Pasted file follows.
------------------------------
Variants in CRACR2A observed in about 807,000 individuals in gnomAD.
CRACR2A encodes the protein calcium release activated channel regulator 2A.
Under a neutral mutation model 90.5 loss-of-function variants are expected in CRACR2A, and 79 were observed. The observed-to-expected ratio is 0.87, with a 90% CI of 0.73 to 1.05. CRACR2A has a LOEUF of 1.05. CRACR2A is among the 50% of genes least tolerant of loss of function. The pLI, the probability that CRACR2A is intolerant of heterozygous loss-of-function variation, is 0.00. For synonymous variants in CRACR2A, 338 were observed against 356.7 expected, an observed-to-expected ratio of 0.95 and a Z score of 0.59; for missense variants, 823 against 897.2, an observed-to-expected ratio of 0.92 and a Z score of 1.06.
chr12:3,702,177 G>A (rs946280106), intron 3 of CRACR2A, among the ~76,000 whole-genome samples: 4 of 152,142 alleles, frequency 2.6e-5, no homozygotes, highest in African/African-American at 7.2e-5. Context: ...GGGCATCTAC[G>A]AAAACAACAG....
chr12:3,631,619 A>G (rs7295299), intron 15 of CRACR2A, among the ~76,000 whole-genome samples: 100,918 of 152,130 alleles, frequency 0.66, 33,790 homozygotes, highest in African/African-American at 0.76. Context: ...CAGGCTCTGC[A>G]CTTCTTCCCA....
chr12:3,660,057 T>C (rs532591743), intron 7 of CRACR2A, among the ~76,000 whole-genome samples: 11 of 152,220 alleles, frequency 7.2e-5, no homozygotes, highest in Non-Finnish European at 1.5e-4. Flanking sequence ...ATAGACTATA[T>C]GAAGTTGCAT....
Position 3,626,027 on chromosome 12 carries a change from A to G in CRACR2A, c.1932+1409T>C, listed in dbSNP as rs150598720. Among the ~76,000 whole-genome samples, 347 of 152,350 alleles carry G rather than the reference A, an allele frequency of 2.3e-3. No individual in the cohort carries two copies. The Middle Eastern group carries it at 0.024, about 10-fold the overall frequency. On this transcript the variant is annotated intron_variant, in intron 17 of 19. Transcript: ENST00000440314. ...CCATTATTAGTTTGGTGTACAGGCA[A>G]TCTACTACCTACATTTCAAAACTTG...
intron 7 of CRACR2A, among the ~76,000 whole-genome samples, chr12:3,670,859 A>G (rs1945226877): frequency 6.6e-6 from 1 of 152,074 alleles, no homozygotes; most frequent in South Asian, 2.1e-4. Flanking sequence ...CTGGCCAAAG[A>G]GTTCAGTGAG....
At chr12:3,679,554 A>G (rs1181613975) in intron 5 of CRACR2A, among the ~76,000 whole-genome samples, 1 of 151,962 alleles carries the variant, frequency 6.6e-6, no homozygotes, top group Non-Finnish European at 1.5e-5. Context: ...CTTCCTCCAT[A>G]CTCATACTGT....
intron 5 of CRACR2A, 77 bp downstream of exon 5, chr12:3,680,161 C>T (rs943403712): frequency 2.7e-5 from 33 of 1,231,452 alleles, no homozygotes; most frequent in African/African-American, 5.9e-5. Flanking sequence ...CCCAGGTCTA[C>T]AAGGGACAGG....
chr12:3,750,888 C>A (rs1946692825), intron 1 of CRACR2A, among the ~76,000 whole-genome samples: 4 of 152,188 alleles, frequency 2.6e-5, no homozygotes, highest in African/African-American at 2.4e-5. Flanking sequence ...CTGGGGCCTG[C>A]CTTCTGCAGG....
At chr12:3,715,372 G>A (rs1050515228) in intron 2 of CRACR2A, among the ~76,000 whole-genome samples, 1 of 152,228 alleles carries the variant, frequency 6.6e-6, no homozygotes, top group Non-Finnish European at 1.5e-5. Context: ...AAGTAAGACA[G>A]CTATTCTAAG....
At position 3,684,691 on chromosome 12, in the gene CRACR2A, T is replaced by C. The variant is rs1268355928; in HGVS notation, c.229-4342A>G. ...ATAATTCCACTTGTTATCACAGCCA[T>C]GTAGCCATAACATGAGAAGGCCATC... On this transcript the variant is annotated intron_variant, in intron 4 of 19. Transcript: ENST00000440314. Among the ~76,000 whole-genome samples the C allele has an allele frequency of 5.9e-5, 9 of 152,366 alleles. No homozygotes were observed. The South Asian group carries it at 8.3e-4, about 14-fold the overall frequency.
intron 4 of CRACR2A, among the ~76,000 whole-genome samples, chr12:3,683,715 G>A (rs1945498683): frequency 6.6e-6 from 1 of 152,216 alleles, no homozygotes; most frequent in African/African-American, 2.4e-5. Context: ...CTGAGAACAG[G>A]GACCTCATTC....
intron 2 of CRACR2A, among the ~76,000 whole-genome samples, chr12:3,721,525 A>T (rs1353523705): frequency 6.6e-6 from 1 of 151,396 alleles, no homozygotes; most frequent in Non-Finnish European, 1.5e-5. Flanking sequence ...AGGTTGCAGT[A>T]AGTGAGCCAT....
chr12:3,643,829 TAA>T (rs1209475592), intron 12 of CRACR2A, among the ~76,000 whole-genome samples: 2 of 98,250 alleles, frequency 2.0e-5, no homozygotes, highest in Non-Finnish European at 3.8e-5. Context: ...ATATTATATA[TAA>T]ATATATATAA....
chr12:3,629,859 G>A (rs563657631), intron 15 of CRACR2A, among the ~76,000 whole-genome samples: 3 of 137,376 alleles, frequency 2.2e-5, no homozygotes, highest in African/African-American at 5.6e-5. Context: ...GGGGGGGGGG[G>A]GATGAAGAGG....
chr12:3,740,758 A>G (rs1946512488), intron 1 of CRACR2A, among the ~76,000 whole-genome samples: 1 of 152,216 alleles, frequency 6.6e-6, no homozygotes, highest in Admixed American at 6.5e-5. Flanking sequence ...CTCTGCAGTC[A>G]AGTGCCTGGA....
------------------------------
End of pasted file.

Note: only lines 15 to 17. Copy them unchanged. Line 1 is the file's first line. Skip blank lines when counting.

intron 2 of CRACR2A, among the ~76,000 whole-genome samples, chr12:3,721,525 A>T (rs1353523705): frequency 6.6e-6 from 1 of 151,396 alleles, no homozygotes; most frequent in Non-Finnish European, 1.5e-5. Flanking sequence ...AGGTTGCAGT[A>T]AGTGAGCCAT....
chr12:3,643,829 TAA>T (rs1209475592), intron 12 of CRACR2A, among the ~76,000 whole-genome samples: 2 of 98,250 alleles, frequency 2.0e-5, no homozygotes, highest in Non-Finnish European at 3.8e-5. Context: ...ATATTATATA[TAA>T]ATATATATAA....
chr12:3,629,859 G>A (rs563657631), intron 15 of CRACR2A, among the ~76,000 whole-genome samples: 3 of 137,376 alleles, frequency 2.2e-5, no homozygotes, highest in African/African-American at 5.6e-5. Context: ...GGGGGGGGGG[G>A]GATGAAGAGG....